Georgianna Dolan-Reilly, LMSW

Georgianna Dolan-Reilly, LMSW

Social Justice Solutions | Staff Writer
Facebook Facebook Google web

Social Work Blogger Highlight: Interview with Ellen Belluomini, LCSW

Social Justice Solutions is a forum for discussing many topics in the helping fields, and an important part of that forum is highlighting the work of many writers and bloggers from multiple fields, especially that of social work. But what makes these writers and blogger tick? What drives them to write about their particular subjects, and how is this connected to their work as a social worker? In an effort to know more, SJS is partnering with these bloggers to offer a bit of insight into the world of a social work blogger.

One of those bloggers is Ellen Belluomini, LCSW who is the author of the blog  “Bridging the Digital Divide in Social Work Practice”, where she writes about the use of technology in Social Work treatment, practice, and education. Let’s see what she has to say about the field of Social Work, and blogging:

Can you tell us about your background as a social worker such as how many years you have been practicing, what let you there, and in what areas/roles you work

Since 1989 I have been practicing social work, longer if you include my undergraduate internship. Social work has been a passion of mine since my first introduction course. I had the privilege to experience all areas of social work; case management, advocacy, clinical practice, management/leadership, consultation, and teaching. I became a supervisor in 1995. Noticing how processes could be more efficient began my education about technological solutions. At each subsequent agency I integrated technology into the practice of social work. The programs started with computerizing client records, then tracking outcomes, and finally using technology for client problems or connection. Now, as a consultant and instructor, I develop programs/curriculum specifically integrating digital solutions into practice. Looking back, most of my career I have been using innovation to improve client services or advocacy for populations. Technology fell into place as the most logical solution to some social work dilemmas.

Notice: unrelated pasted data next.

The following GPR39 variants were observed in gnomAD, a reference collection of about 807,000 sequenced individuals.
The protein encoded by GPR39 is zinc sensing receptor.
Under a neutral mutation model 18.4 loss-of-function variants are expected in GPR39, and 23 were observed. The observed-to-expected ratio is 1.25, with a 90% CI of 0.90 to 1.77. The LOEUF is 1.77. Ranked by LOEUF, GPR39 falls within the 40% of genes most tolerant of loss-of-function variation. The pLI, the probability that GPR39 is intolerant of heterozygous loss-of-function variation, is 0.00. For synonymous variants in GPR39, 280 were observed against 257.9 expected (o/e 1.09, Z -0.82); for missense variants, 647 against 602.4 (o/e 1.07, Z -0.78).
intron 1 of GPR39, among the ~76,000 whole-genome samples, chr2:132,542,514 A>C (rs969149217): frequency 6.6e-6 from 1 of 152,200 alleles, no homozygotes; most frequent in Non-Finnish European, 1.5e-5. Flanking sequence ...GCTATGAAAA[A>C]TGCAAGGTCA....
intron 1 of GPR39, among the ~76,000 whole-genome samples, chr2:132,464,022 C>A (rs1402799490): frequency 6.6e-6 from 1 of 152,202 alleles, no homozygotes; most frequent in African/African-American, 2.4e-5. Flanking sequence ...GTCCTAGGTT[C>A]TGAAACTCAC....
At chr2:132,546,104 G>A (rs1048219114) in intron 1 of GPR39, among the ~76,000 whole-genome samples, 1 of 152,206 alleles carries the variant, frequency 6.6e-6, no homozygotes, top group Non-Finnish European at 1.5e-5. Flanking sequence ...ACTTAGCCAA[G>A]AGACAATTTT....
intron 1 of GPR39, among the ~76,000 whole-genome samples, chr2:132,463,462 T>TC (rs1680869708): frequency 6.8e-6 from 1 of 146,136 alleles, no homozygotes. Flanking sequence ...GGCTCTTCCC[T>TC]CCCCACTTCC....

What inspired you to get into blogging about social work topics?

As I moved into management at social service agencies I brought technology to each program I supervised. Integrating these two fields seemed natural considering the advances technology brings to advance client populations. Blogging is a tool used to educate. It is a lot easier to publicize a blog than educating individuals one at a time. If our clients are blogging, or we are asking them to blog for a therapeutic purpose, I believe social workers should have some understanding of the technology we are integrating with client work.

Do you have a particular focus in your writing? If so what is it?

My focus is to encourage conversation about integrating technology into social work, and improving the issues a digital divide causes for vulnerable and marginalized populations. The extremes of the haves and have not’s are polarizing our populations to an incredible disadvantage, and the use of technology, particularly client centered technology (CCT) in the field could decrease this divide.

Why is it important to discuss in a blogger arena?

Social work and blogging have one important element they share, communication. Instead of waiting for newsletters, journals, or magazines to let social workers know the latest research and trends, information is at our fingertips with blogging. A study can be published one day and the next become viral. The power is in connecting to the blogs which interest you instead of having to sift through useless information. Ideas are priceless. Social workers from around the world can now connect and share experiences. This leads to better global connectedness and an increase in understanding diverse practices. I have found many interesting studies throughout the world regarding professional blogger use, and I try to showcase them on the blog.